The Role of Regional Trainee Networks

Haroon Chughtai (3rd year Clinical Bioinformatics – Physical Sciences STP, Clinical Bioinformatics – Physical Sciences & Health Informatics Trainee Representative, Co-Chair London Healthcare Science Trainee Network)

We heard earlier from Sarah Green about the role of trainee representatives in the STP, and how these included those from specialisms as well as regional networks. Whilst it is very true that a lot of the work of the regional trainee networks involves representation at local and national levels, there is also a lot more to it.

As the end of my training hurtles relentlessly towards me, I’m taking a moment away from MSc project and competencies to reflect on why I think that regional trainee networks are vital, and why every trainee should be involved with them in some way.

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5 ways coding improves your healthcare

It’s national coding week! To celebrate I wanted to talk about how important coding is in healthcare and put it into perspective for those of you that might read that and think “Coding? How could that possibly influence my healthcare?”

It’s true, I may be a little biased as I am a bioinformatician, so a large part of my job is – you guessed it – coding. However, I really don’t think it will be long before coding will be an essential part of all healthcare science jobs!

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Is the STP application process fair?

Last week we received a message from a reader:

Hi There,

As an STP applicant and interviewee for the last three years on my chosen programme I have been left with a sour taste in my mouth regarding the credibility of the interview process for STPs. Unfortunately I don’t think I am the only potential applicant who feels this way, yet our voices continue to go unheard with the feedback we provide to the school of healthcare science. It would be great to see current STPs in post displaying a balanced view of the application process, interview process and training programme to potential applicants rather than a rose-tinted view. It is quite unconvincing when we see a page promoting the STP from such a light when we have seen that year upon year, excellent candidates are slipping through the net, becoming increasingly demeaned and disheartened while less experienced candidates who are able to charm at interview get recruited.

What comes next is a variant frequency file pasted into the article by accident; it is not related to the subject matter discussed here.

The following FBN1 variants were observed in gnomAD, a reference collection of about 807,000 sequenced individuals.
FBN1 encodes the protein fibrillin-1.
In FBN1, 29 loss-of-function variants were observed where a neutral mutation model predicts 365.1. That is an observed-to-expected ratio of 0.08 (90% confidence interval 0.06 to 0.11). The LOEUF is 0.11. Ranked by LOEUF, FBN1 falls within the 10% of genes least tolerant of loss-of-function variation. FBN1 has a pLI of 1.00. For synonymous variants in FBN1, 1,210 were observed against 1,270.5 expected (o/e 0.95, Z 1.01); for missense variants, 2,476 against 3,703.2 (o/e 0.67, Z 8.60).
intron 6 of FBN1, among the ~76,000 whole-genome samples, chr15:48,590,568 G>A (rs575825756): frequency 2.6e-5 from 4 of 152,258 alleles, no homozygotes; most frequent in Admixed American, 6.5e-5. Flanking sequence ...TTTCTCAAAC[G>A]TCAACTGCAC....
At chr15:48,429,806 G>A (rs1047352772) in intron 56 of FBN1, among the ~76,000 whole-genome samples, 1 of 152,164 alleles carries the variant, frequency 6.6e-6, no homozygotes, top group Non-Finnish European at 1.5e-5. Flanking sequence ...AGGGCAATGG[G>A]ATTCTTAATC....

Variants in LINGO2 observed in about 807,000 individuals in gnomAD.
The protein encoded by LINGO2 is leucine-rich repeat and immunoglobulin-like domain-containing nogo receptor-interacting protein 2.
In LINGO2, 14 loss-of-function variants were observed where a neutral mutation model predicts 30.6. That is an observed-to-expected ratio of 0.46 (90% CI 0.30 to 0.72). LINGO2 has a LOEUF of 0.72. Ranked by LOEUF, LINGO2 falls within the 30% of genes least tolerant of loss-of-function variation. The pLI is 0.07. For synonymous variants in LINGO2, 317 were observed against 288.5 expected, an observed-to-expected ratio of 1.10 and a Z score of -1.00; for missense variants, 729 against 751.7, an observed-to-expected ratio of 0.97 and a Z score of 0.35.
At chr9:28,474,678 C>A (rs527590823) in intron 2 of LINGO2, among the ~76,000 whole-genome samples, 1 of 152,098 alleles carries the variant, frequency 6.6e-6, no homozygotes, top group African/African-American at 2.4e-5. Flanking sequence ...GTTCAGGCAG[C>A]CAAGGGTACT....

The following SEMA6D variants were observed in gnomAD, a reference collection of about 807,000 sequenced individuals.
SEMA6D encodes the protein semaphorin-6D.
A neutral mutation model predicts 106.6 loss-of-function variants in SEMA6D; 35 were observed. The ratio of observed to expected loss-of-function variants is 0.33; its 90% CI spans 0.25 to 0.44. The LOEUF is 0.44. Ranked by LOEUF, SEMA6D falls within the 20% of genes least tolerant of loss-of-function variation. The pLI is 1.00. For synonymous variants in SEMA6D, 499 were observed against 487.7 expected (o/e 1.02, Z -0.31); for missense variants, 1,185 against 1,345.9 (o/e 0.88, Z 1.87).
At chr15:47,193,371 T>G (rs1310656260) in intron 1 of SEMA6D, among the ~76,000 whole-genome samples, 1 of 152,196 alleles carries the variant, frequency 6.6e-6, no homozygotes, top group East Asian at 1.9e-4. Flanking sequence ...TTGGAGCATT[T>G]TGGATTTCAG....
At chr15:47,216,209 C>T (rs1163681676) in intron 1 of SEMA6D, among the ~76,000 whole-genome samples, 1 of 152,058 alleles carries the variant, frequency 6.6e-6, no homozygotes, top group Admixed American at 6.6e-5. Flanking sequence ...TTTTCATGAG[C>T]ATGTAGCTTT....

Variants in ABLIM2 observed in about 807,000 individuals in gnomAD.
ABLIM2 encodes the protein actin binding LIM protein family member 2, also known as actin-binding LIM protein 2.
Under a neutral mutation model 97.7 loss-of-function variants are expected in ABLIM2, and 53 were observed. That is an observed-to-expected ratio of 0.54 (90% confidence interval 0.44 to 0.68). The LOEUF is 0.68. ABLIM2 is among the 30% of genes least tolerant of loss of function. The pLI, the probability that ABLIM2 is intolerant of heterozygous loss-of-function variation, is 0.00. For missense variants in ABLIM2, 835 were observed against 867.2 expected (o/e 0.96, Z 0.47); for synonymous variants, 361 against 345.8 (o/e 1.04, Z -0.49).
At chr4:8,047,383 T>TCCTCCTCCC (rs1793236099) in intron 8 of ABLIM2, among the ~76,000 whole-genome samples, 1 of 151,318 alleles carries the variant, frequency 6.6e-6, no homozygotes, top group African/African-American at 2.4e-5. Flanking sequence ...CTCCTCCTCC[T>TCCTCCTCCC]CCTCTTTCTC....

Please let me know your opinion on this.

Firstly, we just want to say thank you for getting in touch, we really value the opinions of our readers and hearing from you helps us to know what to write about. We wanted to share what you’ve written so we can fully address what you’ve spoken about in a way that can help everyone.

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The end of a journey…

AnitaBlack

…But the start of a new one!

Hello everyone! Earlier this week was the STP induction day in Birmingham for all the new trainees. So I thought, as so many people are starting their scientist training journey, what better time to share a look back from someone who is coming to the end of theirs. I asked Verity Fryer, a third year clinical bioinformatics trainee (and now also a fully employed Healthcare Scientist!) in my department some questions about her past 3 years and this is what she had to say:

How do you feel coming to the end of the STP?

Relieved, happy and proud of what I’ve achieved. I can’t quite believe I’ve done it and it’s finished (I submitted and had approved my last competency this morning!).

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How to: Nail first year of the STP

Hello! Hopefully there’s a lot of new STP trainees that have found this page since this one is especially for you. Since most new trainees join their trusts at the beginning of September, Adriana and I thought we could put together a little post just before then, to address some of the key skills we think you’ll need, and top tips for smashing your first year of training! So we decided on our top 10 things and made them into a fancy infographic because who doesn’t love a good infographic? But do read on for an explanation on each point!

Adriana can you edit this_

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Bioinformatics: back in time

history of bioinformaticsOne of the things I love about bioinformatics is how relatively new the field is. Bioinformatics; first coined in 1970’s correspondence between Hesper and Hogeweg as a term to describe “the study of informatics processes in biotic systems”1 has since evolved into an invaluable skill in a biologist’s skillset. As a multi-disciplinary field with a delicate balance of biology, computer science and statistics, it is well-known as the method used to deal with “big data” particularly in the field of genomics. But this isn’t how it started.
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